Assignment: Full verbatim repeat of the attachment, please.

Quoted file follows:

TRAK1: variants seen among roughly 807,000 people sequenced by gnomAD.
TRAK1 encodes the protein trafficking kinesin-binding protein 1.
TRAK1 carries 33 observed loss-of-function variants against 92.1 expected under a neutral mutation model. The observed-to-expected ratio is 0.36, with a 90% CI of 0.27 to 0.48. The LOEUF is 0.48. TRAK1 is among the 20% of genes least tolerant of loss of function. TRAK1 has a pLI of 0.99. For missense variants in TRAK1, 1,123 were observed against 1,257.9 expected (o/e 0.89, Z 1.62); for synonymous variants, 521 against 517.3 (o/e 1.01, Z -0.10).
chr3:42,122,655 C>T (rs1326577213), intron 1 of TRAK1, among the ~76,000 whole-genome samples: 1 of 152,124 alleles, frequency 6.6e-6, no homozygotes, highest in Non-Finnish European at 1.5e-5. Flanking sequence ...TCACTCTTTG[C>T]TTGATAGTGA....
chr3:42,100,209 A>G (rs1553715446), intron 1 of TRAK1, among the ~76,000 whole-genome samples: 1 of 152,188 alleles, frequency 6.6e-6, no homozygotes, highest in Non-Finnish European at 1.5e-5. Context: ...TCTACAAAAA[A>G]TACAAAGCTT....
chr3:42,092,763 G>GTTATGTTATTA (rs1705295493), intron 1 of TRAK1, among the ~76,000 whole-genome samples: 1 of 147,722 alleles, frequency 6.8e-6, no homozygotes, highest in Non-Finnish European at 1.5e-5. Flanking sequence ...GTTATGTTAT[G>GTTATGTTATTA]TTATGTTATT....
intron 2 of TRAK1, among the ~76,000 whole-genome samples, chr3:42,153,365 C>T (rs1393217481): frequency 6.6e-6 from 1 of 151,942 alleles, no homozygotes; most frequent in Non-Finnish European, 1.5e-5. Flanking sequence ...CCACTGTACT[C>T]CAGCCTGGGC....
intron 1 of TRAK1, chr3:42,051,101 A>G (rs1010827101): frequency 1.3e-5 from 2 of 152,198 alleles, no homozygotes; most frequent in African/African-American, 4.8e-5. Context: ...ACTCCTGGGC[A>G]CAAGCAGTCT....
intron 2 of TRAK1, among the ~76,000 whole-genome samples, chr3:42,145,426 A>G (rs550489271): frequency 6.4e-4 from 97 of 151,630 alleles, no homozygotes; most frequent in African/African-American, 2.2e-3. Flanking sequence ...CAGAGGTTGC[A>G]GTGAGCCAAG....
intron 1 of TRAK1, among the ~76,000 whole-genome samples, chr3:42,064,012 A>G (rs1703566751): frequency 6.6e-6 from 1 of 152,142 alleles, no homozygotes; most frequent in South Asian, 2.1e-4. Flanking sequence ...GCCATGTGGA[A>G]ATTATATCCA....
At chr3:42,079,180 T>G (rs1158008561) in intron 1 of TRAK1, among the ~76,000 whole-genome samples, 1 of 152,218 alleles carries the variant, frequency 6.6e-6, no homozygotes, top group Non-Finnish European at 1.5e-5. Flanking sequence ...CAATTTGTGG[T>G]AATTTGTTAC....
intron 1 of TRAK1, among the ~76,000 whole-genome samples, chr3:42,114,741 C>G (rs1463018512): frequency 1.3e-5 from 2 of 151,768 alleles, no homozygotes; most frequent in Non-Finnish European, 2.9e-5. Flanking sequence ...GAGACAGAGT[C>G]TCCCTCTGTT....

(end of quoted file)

TRAK1: variants seen among roughly 807,000 people sequenced by gnomAD.
TRAK1 encodes the protein trafficking kinesin-binding protein 1.
TRAK1 carries 33 observed loss-of-function variants against 92.1 expected under a neutral mutation model. The observed-to-expected ratio is 0.36, with a 90% CI of 0.27 to 0.48. The LOEUF is 0.48. TRAK1 is among the 20% of genes least tolerant of loss of function. TRAK1 has a pLI of 0.99. For missense variants in TRAK1, 1,123 were observed against 1,257.9 expected (o/e 0.89, Z 1.62); for synonymous variants, 521 against 517.3 (o/e 1.01, Z -0.10).
chr3:42,122,655 C>T (rs1326577213), intron 1 of TRAK1, among the ~76,000 whole-genome samples: 1 of 152,124 alleles, frequency 6.6e-6, no homozygotes, highest in Non-Finnish European at 1.5e-5. Flanking sequence ...TCACTCTTTG[C>T]TTGATAGTGA....
chr3:42,100,209 A>G (rs1553715446), intron 1 of TRAK1, among the ~76,000 whole-genome samples: 1 of 152,188 alleles, frequency 6.6e-6, no homozygotes, highest in Non-Finnish European at 1.5e-5. Context: ...TCTACAAAAA[A>G]TACAAAGCTT....
chr3:42,092,763 G>GTTATGTTATTA (rs1705295493), intron 1 of TRAK1, among the ~76,000 whole-genome samples: 1 of 147,722 alleles, frequency 6.8e-6, no homozygotes, highest in Non-Finnish European at 1.5e-5. Flanking sequence ...GTTATGTTAT[G>GTTATGTTATTA]TTATGTTATT....
intron 2 of TRAK1, among the ~76,000 whole-genome samples, chr3:42,153,365 C>T (rs1393217481): frequency 6.6e-6 from 1 of 151,942 alleles, no homozygotes; most frequent in Non-Finnish European, 1.5e-5. Flanking sequence ...CCACTGTACT[C>T]CAGCCTGGGC....
intron 1 of TRAK1, chr3:42,051,101 A>G (rs1010827101): frequency 1.3e-5 from 2 of 152,198 alleles, no homozygotes; most frequent in African/African-American, 4.8e-5. Context: ...ACTCCTGGGC[A>G]CAAGCAGTCT....
intron 2 of TRAK1, among the ~76,000 whole-genome samples, chr3:42,145,426 A>G (rs550489271): frequency 6.4e-4 from 97 of 151,630 alleles, no homozygotes; most frequent in African/African-American, 2.2e-3. Flanking sequence ...CAGAGGTTGC[A>G]GTGAGCCAAG....
intron 1 of TRAK1, among the ~76,000 whole-genome samples, chr3:42,064,012 A>G (rs1703566751): frequency 6.6e-6 from 1 of 152,142 alleles, no homozygotes; most frequent in South Asian, 2.1e-4. Flanking sequence ...GCCATGTGGA[A>G]ATTATATCCA....
At chr3:42,079,180 T>G (rs1158008561) in intron 1 of TRAK1, among the ~76,000 whole-genome samples, 1 of 152,218 alleles carries the variant, frequency 6.6e-6, no homozygotes, top group Non-Finnish European at 1.5e-5. Flanking sequence ...CAATTTGTGG[T>G]AATTTGTTAC....
intron 1 of TRAK1, among the ~76,000 whole-genome samples, chr3:42,114,741 C>G (rs1463018512): frequency 1.3e-5 from 2 of 151,768 alleles, no homozygotes; most frequent in Non-Finnish European, 2.9e-5. Flanking sequence ...GAGACAGAGT[C>G]TCCCTCTGTT....